Last November, federal researchers issued a report commissioned by the Department of Homeland Security on what would happen if a relatively small nuclear device — the kind a terrorist group would most likely come to possess — were detonated at 16th and K streets NW.
“National Capital Region: Key Response Planning Factors for the Aftermath of Nuclear Terrorism” was little noticed until the Federation of American Scientists posted a copy of the study on its Secrecy News blog. It was then picked up by this newspaper, Gizmodo and others.
Today, the Associated Press wrote up a story on the report, and it’s a good summation of the aftermath of a terrorist nuclear blast in all its awful detail. But it moved across the wire with an unfortunate headline: “Gov’t report: DC nuke blast wouldn’t destroy city.”
Make no mistake, a nuclear blast of any size would destroy D.C. as we know it.
Yes, the loss of life (45,000 dead) and damage to property caused by a 10-kiloton ground blast — approximately Hiroshima-level — would be nowhere as apocalyptic as the multiple, multi-megaton air bursts that the city would absorb during a Cold War-type nuclear exchange.
Most of the city’s residents would survive and most of its residential neighborhoods would remain intact, but any nuclear blast would be an existential dagger for Washington as a center for government and commerce — a death knell for D.C. as a city worthy of that word.
A blast like the one envisioned in the report would flatten the city’s central business district almost in entirety. At least a third of the municipal tax base would disintegrate in an eye-blink. In the immediate aftermath of the blast, commercial activity in the city would grind to a halt; many federal government functions would be immediately relocated outside of the city. Maybe Congress, on the outer edge of the blast area, could remain — most likely not.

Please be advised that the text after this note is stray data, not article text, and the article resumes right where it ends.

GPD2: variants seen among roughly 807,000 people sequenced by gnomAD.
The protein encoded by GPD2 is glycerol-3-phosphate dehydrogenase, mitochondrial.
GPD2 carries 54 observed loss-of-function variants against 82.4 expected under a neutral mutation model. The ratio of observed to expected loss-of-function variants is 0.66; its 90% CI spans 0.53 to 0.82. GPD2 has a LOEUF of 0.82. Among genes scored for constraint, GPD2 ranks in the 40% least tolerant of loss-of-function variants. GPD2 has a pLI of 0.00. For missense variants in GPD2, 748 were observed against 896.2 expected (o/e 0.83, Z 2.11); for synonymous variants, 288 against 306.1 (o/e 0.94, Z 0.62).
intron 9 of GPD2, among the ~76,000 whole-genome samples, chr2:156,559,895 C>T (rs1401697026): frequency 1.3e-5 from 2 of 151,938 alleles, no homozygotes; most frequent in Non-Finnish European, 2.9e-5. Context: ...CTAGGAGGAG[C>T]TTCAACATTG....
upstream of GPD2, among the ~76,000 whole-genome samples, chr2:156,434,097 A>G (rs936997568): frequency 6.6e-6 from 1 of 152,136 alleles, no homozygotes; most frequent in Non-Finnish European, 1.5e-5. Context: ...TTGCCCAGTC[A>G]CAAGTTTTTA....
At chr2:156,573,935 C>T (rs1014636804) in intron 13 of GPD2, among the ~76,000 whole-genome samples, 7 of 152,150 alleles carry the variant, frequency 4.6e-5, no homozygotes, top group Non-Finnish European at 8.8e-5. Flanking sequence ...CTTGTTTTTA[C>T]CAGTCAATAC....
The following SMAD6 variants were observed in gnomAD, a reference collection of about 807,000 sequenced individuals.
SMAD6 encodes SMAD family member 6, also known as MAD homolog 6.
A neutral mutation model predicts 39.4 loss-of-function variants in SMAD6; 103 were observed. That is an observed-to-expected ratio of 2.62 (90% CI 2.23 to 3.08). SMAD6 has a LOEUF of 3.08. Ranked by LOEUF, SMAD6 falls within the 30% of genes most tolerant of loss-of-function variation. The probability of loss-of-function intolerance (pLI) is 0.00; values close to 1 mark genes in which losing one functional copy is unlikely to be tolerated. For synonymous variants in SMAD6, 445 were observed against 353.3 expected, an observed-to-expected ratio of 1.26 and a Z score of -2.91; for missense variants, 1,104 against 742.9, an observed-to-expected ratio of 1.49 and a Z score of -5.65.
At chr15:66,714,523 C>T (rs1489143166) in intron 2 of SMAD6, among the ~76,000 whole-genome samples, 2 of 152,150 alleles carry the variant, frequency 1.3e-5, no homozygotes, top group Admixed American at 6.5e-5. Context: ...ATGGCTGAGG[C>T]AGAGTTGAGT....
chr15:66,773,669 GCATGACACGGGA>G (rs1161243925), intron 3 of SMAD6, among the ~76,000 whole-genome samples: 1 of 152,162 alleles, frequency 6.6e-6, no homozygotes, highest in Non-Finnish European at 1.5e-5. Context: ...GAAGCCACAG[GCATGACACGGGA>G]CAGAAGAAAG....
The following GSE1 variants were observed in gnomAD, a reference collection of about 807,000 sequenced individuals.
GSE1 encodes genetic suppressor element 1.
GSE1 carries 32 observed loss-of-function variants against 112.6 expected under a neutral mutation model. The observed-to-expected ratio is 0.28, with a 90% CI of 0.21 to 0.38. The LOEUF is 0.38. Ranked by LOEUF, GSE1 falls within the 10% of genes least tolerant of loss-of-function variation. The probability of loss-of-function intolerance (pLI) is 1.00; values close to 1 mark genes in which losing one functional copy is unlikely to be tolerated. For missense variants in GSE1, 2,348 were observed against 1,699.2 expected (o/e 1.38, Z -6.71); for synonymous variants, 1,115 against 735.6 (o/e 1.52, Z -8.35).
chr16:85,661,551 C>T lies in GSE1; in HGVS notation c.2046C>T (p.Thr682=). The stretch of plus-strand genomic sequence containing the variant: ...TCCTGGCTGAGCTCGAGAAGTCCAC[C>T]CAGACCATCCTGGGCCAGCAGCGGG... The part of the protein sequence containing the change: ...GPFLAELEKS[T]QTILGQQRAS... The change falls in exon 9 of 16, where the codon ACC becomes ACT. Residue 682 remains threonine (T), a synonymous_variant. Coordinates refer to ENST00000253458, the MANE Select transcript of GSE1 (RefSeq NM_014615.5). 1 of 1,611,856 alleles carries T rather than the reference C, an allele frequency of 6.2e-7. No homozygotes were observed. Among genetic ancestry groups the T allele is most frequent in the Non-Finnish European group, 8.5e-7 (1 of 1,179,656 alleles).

In the longer term, there would be a great decentralization debate — one that started during the Cold War — about whether the old model of the national capital was obsolete, whether new technology makes it unnecessary to have the chief executive, the military, the executive agencies and the Congress all in one place. Some federal politicians, always scornful of Washington, might argue against rebuilding it. Perhaps a new capital might be erected elsewhere in a form more easily to defend against attack, with security measures that would make the bollard look quaint.
Businesses that located in Washington due to its proximity to the halls of federal power would no longer do so, taking jobs out of the city and maybe the region. People who would fill those jobs, or fill jobs providing services to the people who do fill those jobs, would also leave the city. Other businesses not directly tied to the government would see no need to locate in the city core, even after the radiation threat receded. That goes for residents, too, who would reverse the recent decade’s trend of moving closer to the core, closer to employment, closer to urban amenities, sparking a new suburban and exurban diaspora.
Real estate and business investment in the city would evaporate, with few if any banks willing to take a risk on post-nuclear urbanity. With its tax base eroded to a fraction of its needs, the District government would be forced to rely on Congress to maintain the streets, pick up the trash for remaining residents and otherwise pay its bills — if Congress doesn’t revoke home rule outright.
So understand that even a small nuclear blast would create dismal consequences, even without considering the effects a nuclear terrorist incident might have on civil liberties or government continuity or any other aspect of American life. For those of us who love the District of Columbia we’ve built in the past 221 years, however flawed it might be, we must hope and pray and work to make sure such a thing never happens.